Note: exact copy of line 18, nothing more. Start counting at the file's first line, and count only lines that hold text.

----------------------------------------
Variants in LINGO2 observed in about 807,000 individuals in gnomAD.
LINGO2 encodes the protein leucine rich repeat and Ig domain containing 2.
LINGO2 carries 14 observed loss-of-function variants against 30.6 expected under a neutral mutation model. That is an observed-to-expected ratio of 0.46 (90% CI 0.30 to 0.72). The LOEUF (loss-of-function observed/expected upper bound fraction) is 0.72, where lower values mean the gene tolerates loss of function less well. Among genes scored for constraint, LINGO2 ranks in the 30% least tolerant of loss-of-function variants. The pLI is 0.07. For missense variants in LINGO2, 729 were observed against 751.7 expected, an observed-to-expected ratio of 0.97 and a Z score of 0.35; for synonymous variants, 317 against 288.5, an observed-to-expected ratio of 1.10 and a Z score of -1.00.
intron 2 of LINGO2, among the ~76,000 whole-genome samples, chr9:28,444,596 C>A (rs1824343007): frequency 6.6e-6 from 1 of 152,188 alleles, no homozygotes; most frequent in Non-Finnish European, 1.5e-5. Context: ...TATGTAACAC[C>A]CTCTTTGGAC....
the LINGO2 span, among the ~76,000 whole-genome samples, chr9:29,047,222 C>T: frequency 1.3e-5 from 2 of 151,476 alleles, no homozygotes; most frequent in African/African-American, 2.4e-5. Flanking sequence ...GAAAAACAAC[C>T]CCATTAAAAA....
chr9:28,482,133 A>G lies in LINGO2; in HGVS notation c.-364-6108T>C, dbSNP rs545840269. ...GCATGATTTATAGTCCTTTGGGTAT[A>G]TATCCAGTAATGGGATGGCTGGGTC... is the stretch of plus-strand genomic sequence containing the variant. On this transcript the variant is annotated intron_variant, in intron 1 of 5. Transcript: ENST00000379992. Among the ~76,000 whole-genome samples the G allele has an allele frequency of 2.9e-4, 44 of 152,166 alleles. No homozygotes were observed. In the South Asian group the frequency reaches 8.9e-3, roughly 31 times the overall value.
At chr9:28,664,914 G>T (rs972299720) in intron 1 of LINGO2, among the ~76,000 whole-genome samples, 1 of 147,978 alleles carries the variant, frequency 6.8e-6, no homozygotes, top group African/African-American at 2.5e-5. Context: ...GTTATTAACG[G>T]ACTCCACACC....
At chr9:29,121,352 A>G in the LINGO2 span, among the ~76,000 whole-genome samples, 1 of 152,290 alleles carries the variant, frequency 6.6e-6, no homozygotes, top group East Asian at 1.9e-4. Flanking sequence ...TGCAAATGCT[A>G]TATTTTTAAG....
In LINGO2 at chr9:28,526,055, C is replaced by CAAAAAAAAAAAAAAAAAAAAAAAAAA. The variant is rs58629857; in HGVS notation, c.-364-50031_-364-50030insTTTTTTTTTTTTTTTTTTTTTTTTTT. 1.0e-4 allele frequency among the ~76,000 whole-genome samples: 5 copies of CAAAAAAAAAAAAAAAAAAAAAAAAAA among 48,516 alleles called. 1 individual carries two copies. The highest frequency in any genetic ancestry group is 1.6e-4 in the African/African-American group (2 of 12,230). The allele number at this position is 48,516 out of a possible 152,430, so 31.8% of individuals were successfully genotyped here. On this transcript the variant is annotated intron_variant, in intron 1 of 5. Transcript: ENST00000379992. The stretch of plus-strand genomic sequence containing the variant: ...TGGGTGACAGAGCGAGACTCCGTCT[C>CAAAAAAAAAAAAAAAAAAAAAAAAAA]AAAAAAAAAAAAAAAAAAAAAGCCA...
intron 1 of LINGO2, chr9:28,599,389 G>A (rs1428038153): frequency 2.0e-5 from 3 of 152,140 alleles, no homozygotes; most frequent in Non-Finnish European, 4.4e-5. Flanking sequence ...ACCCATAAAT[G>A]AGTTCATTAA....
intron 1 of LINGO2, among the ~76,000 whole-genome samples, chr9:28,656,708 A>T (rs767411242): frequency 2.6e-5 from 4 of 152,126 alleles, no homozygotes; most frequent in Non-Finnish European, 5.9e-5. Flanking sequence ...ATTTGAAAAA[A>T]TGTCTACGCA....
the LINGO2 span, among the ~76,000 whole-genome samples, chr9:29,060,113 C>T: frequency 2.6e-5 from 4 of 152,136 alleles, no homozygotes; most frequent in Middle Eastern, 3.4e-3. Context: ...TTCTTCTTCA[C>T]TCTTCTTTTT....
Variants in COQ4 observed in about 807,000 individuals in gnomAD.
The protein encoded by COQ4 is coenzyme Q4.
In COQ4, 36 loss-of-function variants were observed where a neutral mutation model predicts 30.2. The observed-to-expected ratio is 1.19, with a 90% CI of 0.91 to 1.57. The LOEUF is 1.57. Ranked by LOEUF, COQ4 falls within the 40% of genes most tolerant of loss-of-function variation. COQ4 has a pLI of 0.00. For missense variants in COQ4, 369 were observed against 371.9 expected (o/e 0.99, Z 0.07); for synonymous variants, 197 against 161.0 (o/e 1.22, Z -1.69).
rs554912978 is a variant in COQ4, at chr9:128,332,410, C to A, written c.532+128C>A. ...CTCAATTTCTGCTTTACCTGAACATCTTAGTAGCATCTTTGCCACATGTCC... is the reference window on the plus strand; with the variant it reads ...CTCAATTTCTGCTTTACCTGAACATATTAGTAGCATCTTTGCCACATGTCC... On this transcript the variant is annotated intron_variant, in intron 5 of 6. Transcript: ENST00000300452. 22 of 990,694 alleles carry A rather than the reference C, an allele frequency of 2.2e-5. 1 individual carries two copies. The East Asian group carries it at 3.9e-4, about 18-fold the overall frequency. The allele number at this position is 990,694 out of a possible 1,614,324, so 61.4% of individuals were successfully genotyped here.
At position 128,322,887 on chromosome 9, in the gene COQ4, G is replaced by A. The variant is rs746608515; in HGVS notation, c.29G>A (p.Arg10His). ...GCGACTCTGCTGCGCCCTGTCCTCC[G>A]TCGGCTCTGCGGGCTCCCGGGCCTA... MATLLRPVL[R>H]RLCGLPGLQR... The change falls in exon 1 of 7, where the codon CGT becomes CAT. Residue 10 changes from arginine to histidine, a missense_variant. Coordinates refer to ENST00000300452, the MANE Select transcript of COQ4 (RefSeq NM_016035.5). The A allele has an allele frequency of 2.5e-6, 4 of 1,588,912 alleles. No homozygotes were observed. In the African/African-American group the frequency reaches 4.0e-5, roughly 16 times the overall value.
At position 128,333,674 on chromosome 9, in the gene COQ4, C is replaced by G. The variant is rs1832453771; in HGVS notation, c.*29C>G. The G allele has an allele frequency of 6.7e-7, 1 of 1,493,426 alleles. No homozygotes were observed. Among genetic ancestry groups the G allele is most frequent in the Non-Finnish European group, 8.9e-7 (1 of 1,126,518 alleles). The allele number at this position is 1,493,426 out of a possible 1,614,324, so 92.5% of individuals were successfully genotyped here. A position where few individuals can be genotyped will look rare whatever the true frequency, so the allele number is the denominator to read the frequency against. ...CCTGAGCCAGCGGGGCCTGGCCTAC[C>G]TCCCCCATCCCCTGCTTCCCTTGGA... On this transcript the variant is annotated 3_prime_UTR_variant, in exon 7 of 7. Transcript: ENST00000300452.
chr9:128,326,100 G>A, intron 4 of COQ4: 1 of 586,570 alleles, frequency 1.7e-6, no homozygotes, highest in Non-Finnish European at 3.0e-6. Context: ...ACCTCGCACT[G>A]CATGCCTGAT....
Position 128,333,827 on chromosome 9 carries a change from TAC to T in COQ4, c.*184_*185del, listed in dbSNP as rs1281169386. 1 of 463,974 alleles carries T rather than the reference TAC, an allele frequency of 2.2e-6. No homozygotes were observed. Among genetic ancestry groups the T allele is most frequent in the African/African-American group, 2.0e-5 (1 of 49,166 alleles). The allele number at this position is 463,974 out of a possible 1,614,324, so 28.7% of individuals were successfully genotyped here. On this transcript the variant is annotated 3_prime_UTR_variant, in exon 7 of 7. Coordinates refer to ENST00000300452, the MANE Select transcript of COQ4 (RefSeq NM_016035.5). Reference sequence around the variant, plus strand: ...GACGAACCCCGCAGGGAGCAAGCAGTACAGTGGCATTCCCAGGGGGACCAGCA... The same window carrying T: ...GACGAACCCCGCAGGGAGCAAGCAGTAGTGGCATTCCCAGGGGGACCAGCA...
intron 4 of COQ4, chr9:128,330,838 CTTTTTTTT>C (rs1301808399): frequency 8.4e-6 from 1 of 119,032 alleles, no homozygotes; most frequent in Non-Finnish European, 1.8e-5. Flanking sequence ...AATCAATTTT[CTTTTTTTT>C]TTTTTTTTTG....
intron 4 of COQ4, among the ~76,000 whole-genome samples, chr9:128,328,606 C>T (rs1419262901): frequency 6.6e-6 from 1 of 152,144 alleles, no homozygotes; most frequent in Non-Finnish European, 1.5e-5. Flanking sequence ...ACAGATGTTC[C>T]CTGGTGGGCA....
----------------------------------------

At position 128,333,674 on chromosome 9, in the gene COQ4, C is replaced by G. The variant is rs1832453771; in HGVS notation, c.*29C>G. The G allele has an allele frequency of 6.7e-7, 1 of 1,493,426 alleles. No homozygotes were observed. Among genetic ancestry groups the G allele is most frequent in the Non-Finnish European group, 8.9e-7 (1 of 1,126,518 alleles). The allele number at this position is 1,493,426 out of a possible 1,614,324, so 92.5% of individuals were successfully genotyped here. A position where few individuals can be genotyped will look rare whatever the true frequency, so the allele number is the denominator to read the frequency against. ...CCTGAGCCAGCGGGGCCTGGCCTAC[C>G]TCCCCCATCCCCTGCTTCCCTTGGA... On this transcript the variant is annotated 3_prime_UTR_variant, in exon 7 of 7. Transcript: ENST00000300452.